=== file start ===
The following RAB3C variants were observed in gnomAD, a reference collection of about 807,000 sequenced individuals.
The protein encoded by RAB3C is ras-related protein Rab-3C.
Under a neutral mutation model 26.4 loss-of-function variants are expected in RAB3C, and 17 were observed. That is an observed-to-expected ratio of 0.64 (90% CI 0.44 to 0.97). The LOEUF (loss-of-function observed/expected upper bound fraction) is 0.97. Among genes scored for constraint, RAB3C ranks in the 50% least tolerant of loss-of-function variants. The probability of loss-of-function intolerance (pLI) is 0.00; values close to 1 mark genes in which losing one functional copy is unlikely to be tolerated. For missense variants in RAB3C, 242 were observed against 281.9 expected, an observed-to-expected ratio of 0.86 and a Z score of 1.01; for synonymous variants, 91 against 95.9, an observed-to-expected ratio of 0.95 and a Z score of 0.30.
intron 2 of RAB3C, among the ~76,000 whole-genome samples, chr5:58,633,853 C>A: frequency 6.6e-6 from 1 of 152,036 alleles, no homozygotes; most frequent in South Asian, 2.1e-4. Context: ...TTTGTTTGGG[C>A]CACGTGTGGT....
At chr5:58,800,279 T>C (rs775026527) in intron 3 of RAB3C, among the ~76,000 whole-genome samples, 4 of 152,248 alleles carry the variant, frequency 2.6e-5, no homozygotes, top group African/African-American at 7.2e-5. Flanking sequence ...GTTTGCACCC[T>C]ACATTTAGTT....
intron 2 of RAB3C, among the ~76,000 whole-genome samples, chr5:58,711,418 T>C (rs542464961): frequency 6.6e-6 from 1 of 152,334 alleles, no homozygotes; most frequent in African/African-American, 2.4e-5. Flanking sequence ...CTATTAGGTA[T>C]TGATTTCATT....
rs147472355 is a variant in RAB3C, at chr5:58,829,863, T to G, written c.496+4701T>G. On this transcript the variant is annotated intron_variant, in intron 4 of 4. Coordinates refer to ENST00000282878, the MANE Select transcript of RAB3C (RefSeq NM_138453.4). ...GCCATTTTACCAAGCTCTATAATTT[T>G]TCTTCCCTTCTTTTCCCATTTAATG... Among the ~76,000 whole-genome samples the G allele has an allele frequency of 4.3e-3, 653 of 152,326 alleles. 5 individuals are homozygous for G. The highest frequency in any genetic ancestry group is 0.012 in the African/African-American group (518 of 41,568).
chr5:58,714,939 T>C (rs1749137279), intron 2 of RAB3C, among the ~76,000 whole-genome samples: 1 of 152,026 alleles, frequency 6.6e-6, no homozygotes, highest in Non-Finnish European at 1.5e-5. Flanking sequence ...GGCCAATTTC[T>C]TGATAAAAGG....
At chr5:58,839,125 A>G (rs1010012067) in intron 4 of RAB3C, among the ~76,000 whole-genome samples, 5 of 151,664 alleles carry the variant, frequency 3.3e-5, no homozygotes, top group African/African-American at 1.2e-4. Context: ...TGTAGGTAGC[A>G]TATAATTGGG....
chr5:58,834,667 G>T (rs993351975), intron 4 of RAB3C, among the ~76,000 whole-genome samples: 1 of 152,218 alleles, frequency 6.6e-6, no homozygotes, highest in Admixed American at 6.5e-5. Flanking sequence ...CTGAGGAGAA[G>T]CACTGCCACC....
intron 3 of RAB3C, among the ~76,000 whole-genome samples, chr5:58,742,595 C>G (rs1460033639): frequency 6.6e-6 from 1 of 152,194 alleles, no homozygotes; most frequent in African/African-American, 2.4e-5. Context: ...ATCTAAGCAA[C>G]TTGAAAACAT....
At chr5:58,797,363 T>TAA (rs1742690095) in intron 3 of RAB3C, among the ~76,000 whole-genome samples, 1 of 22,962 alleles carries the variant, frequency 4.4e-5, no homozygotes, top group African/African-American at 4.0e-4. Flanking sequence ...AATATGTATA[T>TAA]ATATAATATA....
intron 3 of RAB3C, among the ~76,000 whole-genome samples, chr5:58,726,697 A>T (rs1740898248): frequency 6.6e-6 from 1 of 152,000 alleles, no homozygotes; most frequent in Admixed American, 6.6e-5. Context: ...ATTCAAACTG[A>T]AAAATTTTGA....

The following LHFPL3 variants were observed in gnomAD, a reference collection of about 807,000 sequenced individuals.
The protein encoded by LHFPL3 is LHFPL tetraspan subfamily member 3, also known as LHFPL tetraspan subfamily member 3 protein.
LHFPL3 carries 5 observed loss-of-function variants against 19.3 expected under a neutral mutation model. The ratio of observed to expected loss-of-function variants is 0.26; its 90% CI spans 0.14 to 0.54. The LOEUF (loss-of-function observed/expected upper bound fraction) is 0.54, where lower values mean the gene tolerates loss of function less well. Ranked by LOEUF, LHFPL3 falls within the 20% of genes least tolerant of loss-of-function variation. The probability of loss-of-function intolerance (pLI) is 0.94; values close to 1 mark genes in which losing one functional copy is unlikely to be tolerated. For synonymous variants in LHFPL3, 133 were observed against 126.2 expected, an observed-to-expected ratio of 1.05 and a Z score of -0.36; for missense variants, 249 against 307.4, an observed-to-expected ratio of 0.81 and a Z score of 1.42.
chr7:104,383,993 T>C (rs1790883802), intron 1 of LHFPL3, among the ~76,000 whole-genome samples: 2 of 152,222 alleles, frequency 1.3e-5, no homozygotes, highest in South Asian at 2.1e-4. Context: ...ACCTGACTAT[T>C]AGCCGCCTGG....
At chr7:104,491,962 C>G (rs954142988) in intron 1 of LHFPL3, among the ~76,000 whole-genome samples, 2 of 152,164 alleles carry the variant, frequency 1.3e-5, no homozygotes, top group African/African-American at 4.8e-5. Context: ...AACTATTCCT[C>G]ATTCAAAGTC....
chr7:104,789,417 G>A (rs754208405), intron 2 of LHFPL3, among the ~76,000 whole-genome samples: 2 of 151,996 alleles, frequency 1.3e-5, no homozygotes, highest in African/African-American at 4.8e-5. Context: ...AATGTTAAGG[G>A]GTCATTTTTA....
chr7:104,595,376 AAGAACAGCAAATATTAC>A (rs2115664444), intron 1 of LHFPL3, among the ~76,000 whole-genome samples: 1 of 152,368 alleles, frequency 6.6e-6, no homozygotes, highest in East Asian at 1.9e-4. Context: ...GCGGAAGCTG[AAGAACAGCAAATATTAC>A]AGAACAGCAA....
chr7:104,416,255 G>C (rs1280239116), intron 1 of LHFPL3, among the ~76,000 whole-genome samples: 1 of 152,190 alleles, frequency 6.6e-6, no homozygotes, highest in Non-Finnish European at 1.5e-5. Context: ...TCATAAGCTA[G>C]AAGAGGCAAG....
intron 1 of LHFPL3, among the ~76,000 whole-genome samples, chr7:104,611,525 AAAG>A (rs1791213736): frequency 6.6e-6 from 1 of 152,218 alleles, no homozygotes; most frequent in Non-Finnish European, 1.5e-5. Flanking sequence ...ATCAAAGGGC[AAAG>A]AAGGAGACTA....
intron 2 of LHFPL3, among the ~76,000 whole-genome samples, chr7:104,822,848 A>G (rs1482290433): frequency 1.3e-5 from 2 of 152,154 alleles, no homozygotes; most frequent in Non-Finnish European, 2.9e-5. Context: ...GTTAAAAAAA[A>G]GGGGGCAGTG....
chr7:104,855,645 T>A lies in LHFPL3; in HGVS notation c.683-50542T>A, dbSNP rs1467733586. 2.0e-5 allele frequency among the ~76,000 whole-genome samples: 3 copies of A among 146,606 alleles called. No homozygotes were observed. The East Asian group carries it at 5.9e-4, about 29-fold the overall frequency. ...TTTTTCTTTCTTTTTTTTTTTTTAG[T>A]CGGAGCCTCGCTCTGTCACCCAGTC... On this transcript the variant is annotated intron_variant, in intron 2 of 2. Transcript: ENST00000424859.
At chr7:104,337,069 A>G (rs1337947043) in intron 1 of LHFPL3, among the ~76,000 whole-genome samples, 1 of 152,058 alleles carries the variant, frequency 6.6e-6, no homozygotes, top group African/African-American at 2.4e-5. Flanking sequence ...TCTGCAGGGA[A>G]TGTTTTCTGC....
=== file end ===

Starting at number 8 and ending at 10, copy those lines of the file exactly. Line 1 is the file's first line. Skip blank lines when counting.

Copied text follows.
chr5:58,714,939 T>C (rs1749137279), intron 2 of RAB3C, among the ~76,000 whole-genome samples: 1 of 152,026 alleles, frequency 6.6e-6, no homozygotes, highest in Non-Finnish European at 1.5e-5. Flanking sequence ...GGCCAATTTC[T>C]TGATAAAAGG....
At chr5:58,839,125 A>G (rs1010012067) in intron 4 of RAB3C, among the ~76,000 whole-genome samples, 5 of 151,664 alleles carry the variant, frequency 3.3e-5, no homozygotes, top group African/African-American at 1.2e-4. Context: ...TGTAGGTAGC[A>G]TATAATTGGG....
chr5:58,834,667 G>T (rs993351975), intron 4 of RAB3C, among the ~76,000 whole-genome samples: 1 of 152,218 alleles, frequency 6.6e-6, no homozygotes, highest in Admixed American at 6.5e-5. Flanking sequence ...CTGAGGAGAA[G>T]CACTGCCACC....